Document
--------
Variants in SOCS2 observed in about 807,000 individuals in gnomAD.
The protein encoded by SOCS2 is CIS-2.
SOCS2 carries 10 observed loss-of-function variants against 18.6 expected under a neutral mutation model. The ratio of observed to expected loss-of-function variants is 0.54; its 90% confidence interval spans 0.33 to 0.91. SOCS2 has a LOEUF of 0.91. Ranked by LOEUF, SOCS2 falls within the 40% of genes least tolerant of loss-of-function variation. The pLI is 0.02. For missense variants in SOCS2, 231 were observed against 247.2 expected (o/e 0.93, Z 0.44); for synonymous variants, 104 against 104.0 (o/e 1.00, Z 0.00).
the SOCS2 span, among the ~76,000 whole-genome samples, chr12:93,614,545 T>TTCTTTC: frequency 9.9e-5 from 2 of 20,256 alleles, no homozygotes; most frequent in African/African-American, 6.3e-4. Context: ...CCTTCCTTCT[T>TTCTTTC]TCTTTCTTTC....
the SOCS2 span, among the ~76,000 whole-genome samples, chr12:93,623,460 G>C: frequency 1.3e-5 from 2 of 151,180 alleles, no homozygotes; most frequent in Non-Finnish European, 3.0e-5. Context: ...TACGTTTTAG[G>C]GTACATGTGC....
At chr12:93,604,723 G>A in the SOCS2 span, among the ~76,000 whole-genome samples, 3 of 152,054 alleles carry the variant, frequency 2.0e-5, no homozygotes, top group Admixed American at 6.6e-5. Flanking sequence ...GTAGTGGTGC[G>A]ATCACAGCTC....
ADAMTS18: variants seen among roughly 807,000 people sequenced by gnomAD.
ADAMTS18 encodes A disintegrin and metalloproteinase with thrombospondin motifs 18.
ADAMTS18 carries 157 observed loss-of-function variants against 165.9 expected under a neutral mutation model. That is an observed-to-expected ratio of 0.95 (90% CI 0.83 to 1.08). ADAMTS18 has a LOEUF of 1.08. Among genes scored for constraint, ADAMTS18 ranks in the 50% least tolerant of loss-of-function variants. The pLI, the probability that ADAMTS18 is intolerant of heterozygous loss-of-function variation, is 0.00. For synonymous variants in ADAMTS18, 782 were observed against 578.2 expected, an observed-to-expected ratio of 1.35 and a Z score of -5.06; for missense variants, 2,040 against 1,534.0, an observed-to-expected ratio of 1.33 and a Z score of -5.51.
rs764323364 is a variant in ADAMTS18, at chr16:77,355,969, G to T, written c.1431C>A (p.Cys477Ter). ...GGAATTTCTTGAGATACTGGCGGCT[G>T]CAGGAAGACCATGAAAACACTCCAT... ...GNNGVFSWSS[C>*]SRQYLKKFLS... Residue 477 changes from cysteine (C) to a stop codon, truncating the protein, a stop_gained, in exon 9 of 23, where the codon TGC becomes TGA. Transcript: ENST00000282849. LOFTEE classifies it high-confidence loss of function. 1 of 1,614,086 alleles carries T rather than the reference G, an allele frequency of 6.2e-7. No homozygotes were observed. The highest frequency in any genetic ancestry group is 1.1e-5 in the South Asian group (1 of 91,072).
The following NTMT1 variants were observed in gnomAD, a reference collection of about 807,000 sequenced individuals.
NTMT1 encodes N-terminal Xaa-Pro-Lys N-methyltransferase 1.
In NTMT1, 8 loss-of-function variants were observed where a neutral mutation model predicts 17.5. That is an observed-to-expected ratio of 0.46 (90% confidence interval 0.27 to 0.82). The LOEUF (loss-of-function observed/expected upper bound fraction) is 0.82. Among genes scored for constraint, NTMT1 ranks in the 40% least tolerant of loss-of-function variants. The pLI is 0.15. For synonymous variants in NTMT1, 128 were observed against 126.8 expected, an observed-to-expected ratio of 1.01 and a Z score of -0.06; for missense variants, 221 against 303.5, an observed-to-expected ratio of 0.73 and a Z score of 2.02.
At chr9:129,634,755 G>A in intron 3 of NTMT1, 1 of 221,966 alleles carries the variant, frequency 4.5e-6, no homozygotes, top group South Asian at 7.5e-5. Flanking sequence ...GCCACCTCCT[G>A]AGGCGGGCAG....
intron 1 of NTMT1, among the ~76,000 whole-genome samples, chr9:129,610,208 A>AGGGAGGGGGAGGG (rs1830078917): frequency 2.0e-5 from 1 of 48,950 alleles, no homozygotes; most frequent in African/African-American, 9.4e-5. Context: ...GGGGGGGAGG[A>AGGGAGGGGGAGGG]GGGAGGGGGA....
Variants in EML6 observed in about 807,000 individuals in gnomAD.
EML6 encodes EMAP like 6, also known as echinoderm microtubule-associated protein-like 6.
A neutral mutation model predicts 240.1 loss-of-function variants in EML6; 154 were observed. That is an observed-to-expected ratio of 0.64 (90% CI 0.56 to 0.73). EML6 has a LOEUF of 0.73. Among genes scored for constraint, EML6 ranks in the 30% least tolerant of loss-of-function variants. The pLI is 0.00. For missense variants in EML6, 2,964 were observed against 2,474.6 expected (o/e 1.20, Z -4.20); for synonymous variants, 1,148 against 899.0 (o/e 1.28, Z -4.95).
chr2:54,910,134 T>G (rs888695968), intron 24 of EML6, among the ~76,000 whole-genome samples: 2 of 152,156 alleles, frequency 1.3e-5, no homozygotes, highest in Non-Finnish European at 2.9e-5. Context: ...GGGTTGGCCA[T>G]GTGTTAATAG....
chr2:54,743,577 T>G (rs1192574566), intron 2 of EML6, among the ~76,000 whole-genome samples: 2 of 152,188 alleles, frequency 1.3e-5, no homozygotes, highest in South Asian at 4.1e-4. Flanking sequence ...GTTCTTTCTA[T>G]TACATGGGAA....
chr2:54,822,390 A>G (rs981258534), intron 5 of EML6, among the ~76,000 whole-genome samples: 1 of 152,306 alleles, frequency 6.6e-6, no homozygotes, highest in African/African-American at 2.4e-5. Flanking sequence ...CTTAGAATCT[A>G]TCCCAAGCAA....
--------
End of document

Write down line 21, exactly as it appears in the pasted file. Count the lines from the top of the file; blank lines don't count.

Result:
chr2:54,822,390 A>G (rs981258534), intron 5 of EML6, among the ~76,000 whole-genome samples: 1 of 152,306 alleles, frequency 6.6e-6, no homozygotes, highest in African/African-American at 2.4e-5. Flanking sequence ...CTTAGAATCT[A>G]TCCCAAGCAA....